Q. You spent 15 years of living in the Afghanistan, working in international development in agriculture. What is it that drives you?

  1. I’m a bit nuts about agriculture to be honest. It’s just this very basic meeting of an everyday fundamental need. I find it super fascinating how people interact with their landscapes to generate food, fuel, and fibre, somewhere to work, play, and rest. I’m constantly thinking about what is possible for humans in terms of meeting our needs whilst enjoying a natural environment that thrives. We have the knowledge to do so much more than we are at the moment – which is an exciting prospect I think. The plants of Afghanistan are incredible. It is a place of diversity for so many important species – pears; pomegranates; grapes; pistachio; lentils; wheat; the list goes on. So for an agriculturalist is a place of great importance. And seeing how the people of Afghanistan have learned to cultivate these, including their well-developed regenerative systems that are ancient; has been a privilege. Of course with conflict these systems have been terribly broken, and we were helping people to breathe life back into them and recover them. To be honest I would say I burned out too in this time. Being in conflict zones, working hard to see progress but it being so slow and people suffering is of course hard. Afghans are a very beautiful and special people. I was in some extraordinary and sometimes remote places. Afghanistan includes foothills of the Himalaya with high altitude steppe at over 3,000 meters. So it was a deep privilege to live there for a time.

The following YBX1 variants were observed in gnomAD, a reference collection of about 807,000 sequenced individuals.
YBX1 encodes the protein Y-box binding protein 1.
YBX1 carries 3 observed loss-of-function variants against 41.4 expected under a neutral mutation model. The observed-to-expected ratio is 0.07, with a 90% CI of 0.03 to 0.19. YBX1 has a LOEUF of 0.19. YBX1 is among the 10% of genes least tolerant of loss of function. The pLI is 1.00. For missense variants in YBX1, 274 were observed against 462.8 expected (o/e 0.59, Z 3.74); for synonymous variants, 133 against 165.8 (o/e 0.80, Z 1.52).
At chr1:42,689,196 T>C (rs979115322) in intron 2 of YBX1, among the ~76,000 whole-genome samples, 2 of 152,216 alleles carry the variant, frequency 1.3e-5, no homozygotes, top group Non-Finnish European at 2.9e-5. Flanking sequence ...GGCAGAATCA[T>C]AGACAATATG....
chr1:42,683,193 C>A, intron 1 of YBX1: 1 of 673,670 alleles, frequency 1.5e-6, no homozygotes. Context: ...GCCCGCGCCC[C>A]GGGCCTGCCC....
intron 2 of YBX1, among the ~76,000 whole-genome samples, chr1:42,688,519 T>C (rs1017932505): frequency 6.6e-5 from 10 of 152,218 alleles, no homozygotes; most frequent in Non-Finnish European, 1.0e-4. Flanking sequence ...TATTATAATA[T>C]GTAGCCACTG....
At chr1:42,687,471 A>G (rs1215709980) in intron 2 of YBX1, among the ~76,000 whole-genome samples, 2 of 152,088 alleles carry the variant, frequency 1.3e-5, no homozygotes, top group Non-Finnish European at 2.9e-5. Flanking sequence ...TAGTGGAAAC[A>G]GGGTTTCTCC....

Working with this woman to calculate feed requirements of her sheep and goats, Kurdistan, part of a project introducing treatment of straw to improve its feed value for sheep, goats, and cows.
Making a soil scientist happy – results from on-farm conservation agriculture work that worked closely with many public and private sector stakeholders, and included about 60 farmers that developed advanced conservation agricultural examples in their own fields and trained their neighbours in the methods they developed and the results they achieved. 

Q. What change do you want to see in the future?